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The Plague

Starting a Zuihitsu on (Un)deliveries [by Lera Auerbach]

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Photo Credit: Lera Auerbach

(1)

At times like this, I feel sorry for postal workers.
It must be very stressful to be one.
To always have to sort things out while thinking of viruses.

One can easily distinguish a postal worker who thinks of viruses from the one who doesn't.
Those who think wear gloves and masks. But most of them do not; most of them are young and careless.

At the beginning of the pandemic, an entire hotel in China that was converted into a hospital for coronavirus patients had collapsed suddenly, killing everyone inside.
How does a building suddenly collapse? 
How does a human being? 
What is the breaking point? 
What is that something, usually insignificant in itself, that makes all the difference between life and death?

I think of Sylvia Plath.
How she returned to her dirty home (her housekeeper left), overwhelmed by unhappiness, with her two small children always in need of her care.
If she had returned to a spotlessly clean and welcoming house instead of a messy one full of dirty dishes and laundry, would she still have killed herself? 

Perhaps, but maybe not then.
Maybe the breaking point would still hold a while longer.

(2)

Last year there was a postal worker who was overwhelmed by his responsibilities of daily deliveries of packages.
He just had too many parcels to deliver to too many houses and not enough time allotted to do so.
Even if he worked past his hours, he still could not manage all deliveries and be often scolded by his superiors for the delays.

At first, he kept undelivered packages in the trunk of his car in hopes of delivering them the next day, but the next day he would have a new bunch of boxes, and soon the trunk of his car was too full.
After a while, he gave up on the idea of being able to deliver everything, so he left all packages he could not deliver in a shed next to his house. 

He hoped to deliver them one day when his daily load would be lighter, but such a day never came.
After a while, the shed was full of packages, and he had to keep the new ones in the garage.
He never opened the boxes.

In his mind, he never stole them, he just kept them for better delivery times.
It was not his fault that better times were slow in coming.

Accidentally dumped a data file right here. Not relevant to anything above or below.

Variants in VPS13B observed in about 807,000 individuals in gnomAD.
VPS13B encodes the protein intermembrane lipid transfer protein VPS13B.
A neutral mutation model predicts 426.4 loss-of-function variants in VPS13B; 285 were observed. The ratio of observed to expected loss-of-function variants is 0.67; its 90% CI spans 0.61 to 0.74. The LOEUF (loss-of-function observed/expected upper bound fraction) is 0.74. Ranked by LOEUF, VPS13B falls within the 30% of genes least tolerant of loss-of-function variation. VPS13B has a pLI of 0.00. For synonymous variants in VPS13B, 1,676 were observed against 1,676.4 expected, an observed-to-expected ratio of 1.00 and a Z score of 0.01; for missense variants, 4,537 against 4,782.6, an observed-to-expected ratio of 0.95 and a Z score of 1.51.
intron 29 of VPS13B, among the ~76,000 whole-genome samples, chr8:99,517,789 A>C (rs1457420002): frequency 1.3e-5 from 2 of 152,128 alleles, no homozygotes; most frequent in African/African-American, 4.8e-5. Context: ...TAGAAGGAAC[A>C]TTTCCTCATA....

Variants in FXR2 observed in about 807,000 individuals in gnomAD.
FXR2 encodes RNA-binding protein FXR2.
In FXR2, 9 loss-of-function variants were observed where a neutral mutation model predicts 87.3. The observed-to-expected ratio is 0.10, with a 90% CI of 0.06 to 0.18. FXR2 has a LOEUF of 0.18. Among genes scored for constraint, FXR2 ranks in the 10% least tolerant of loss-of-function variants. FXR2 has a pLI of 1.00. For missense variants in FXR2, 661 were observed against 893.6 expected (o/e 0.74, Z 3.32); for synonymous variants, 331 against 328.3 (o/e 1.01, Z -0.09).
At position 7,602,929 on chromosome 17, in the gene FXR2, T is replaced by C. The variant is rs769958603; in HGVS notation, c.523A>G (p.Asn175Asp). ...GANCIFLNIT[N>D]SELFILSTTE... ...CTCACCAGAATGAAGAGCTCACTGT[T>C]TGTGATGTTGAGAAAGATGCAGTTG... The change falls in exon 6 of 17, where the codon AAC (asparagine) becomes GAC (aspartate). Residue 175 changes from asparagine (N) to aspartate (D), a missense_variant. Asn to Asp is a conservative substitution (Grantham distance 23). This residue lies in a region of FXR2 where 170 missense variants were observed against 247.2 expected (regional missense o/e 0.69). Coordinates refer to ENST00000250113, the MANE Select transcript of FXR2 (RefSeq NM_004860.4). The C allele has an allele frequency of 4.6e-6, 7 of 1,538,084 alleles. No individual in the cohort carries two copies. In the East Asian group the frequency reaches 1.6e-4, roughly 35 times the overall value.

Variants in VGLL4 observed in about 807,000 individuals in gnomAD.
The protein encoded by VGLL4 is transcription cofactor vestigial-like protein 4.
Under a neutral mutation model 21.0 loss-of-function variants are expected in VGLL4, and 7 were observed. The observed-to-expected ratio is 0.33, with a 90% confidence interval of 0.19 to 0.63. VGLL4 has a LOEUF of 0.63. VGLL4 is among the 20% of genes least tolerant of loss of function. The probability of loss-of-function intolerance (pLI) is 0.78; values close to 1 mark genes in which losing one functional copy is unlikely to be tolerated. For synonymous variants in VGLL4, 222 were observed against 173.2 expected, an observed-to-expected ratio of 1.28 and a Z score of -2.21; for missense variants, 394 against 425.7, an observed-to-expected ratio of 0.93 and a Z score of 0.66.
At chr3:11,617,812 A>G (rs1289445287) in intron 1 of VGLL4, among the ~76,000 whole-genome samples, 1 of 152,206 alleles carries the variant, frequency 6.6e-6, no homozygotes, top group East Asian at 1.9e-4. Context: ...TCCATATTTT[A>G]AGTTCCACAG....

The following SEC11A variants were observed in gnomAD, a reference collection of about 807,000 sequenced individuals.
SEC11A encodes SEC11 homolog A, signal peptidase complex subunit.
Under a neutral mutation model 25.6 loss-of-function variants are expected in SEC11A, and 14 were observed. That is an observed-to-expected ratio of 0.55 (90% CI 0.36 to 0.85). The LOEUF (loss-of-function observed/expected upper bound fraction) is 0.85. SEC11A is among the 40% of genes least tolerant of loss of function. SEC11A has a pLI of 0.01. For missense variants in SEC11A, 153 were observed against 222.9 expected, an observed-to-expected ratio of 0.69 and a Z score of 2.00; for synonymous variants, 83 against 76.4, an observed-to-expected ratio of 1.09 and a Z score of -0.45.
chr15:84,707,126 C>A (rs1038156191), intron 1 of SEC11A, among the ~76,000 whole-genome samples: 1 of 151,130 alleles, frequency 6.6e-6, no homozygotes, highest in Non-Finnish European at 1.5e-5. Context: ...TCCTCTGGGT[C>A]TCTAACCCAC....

Nobody appreciated any of his past accomplishments (for he did make numerous safe and timely deliveries) when police discovered his shed and his garage full of packages belonging to other people.

He tried to argue that the packages didn't belong to anyone – they were still in transit on the way to their final destination, but some of them were in transit for over a year and, after all that time, were considered missing in action like lost soldiers.

(3)

Sometimes my poor head makes me feel like the trunk of this poor man's car with too many deliveries scheduled in too short a time, and I feel like giving up.

At night, I stare into all these packages in my head.
I try to imagine what lies within each.
I look at the names of people and imagine them as characters in my book. 

Then the clock chimes and reminds me that it is too late for everything.
Too late even to try. 

(4)

A dog doesn't know if something is too late. 
Unless it's related to food. 
Because, as far as a dog is concerned, food always comes too late and never too early.

(5)

Life is mostly unbearable. And full of wonders.
Partially, it is unbearable because it is full of wonders.
Just think of all the undelivered wonders the postal worker kept in his garage.

But many wonders would not fit into any packaging and can't be delivered because they are just too great. 

Like the night when Venus and the moon were so close together, and we sat on the bench next to the ocean and felt so happy about the present moment that it also felt sad. 

Great happiness is always sad because it overflows and spills into sadness; happy sadness because it is just too vast to stay happy.

The chorus of frogs after the storm is like that.
Also Gesualdo's music and the Montserrat cathedral – you almost hate it, it's so beautiful.

A good book feels like that: overflowing without beginning or ending, even without a middle, happening all at once and about everything and nothing in particular. 

The only thing that separates a good book from nonexistence is its two covers: that's not much of protection from nothingness, not much at all.


April 16, 2021

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from New and Selected Poems by David Lehman

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